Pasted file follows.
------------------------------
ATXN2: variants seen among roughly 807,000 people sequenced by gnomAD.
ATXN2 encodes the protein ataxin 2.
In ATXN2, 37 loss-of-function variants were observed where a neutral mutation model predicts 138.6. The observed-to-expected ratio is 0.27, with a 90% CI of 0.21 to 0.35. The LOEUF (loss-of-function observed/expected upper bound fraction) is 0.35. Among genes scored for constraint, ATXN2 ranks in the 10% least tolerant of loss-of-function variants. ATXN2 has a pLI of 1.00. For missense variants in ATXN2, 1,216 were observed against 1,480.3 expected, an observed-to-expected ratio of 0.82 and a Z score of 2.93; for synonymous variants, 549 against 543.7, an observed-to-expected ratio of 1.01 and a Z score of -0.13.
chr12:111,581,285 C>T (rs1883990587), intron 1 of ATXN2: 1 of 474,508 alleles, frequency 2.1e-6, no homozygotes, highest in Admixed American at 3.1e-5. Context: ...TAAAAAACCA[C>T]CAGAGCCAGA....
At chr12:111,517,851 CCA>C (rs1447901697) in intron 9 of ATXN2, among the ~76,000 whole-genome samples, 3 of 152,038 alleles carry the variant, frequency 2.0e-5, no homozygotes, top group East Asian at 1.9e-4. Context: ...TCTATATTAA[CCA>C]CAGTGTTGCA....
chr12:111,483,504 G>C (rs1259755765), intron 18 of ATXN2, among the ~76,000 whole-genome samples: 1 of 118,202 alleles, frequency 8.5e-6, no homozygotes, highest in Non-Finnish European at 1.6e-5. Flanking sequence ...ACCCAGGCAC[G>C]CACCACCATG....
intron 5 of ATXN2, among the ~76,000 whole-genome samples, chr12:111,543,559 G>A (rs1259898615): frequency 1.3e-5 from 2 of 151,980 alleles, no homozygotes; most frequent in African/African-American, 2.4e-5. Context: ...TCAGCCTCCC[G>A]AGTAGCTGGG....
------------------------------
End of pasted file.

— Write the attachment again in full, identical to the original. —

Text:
ATXN2: variants seen among roughly 807,000 people sequenced by gnomAD.
ATXN2 encodes the protein ataxin 2.
In ATXN2, 37 loss-of-function variants were observed where a neutral mutation model predicts 138.6. The observed-to-expected ratio is 0.27, with a 90% CI of 0.21 to 0.35. The LOEUF (loss-of-function observed/expected upper bound fraction) is 0.35. Among genes scored for constraint, ATXN2 ranks in the 10% least tolerant of loss-of-function variants. ATXN2 has a pLI of 1.00. For missense variants in ATXN2, 1,216 were observed against 1,480.3 expected, an observed-to-expected ratio of 0.82 and a Z score of 2.93; for synonymous variants, 549 against 543.7, an observed-to-expected ratio of 1.01 and a Z score of -0.13.
chr12:111,581,285 C>T (rs1883990587), intron 1 of ATXN2: 1 of 474,508 alleles, frequency 2.1e-6, no homozygotes, highest in Admixed American at 3.1e-5. Context: ...TAAAAAACCA[C>T]CAGAGCCAGA....
At chr12:111,517,851 CCA>C (rs1447901697) in intron 9 of ATXN2, among the ~76,000 whole-genome samples, 3 of 152,038 alleles carry the variant, frequency 2.0e-5, no homozygotes, top group East Asian at 1.9e-4. Context: ...TCTATATTAA[CCA>C]CAGTGTTGCA....
chr12:111,483,504 G>C (rs1259755765), intron 18 of ATXN2, among the ~76,000 whole-genome samples: 1 of 118,202 alleles, frequency 8.5e-6, no homozygotes, highest in Non-Finnish European at 1.6e-5. Flanking sequence ...ACCCAGGCAC[G>C]CACCACCATG....
intron 5 of ATXN2, among the ~76,000 whole-genome samples, chr12:111,543,559 G>A (rs1259898615): frequency 1.3e-5 from 2 of 151,980 alleles, no homozygotes; most frequent in African/African-American, 2.4e-5. Context: ...TCAGCCTCCC[G>A]AGTAGCTGGG....